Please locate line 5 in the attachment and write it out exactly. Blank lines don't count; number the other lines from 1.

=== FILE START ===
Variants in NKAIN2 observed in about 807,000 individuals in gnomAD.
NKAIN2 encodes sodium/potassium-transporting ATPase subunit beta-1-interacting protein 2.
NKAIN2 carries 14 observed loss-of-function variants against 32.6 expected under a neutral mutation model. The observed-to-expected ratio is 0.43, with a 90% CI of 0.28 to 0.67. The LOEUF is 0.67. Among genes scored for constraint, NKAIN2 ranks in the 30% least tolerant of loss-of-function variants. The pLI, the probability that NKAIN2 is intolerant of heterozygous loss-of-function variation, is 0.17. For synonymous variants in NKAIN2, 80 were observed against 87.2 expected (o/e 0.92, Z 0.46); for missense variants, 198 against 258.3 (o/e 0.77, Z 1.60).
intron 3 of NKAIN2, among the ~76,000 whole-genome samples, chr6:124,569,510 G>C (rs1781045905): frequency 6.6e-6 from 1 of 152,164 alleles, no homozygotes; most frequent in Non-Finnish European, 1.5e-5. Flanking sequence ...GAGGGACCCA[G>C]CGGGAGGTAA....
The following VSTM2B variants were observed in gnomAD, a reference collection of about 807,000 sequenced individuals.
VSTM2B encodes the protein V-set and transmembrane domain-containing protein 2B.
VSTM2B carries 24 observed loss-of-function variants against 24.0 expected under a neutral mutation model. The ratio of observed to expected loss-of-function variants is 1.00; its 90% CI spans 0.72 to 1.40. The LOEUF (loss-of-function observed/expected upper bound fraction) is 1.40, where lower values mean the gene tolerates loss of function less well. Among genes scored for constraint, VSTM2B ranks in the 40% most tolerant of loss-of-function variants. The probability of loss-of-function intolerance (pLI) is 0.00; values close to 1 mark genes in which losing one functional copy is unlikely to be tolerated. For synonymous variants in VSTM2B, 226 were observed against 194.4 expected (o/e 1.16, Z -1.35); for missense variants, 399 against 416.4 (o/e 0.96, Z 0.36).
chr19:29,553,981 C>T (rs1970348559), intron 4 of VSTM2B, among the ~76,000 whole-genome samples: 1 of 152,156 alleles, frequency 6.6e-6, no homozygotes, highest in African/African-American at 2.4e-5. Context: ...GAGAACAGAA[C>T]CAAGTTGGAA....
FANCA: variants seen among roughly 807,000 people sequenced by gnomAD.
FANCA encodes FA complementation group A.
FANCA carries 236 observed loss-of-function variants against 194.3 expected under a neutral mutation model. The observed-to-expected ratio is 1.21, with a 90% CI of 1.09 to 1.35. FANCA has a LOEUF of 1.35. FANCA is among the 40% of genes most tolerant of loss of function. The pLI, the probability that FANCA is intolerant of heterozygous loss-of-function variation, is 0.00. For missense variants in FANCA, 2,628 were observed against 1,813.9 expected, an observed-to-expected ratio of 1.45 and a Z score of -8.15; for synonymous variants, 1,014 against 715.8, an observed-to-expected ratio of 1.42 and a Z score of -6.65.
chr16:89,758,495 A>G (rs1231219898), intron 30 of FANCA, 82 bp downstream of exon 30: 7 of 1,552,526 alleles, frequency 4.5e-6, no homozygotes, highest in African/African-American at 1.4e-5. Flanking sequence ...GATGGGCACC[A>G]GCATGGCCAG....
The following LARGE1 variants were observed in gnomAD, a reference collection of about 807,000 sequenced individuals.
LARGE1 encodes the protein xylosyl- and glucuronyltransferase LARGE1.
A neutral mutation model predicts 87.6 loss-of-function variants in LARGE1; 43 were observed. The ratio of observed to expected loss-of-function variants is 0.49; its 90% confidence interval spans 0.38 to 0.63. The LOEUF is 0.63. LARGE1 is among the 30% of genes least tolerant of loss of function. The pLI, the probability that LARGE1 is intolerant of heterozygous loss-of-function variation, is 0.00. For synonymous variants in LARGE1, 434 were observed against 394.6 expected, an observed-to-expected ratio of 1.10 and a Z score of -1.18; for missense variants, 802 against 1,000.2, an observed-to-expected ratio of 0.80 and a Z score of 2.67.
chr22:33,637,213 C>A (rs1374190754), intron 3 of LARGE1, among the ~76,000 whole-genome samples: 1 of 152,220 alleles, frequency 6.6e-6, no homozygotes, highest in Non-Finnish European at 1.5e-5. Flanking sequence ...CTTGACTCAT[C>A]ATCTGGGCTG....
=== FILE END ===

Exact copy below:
The following VSTM2B variants were observed in gnomAD, a reference collection of about 807,000 sequenced individuals.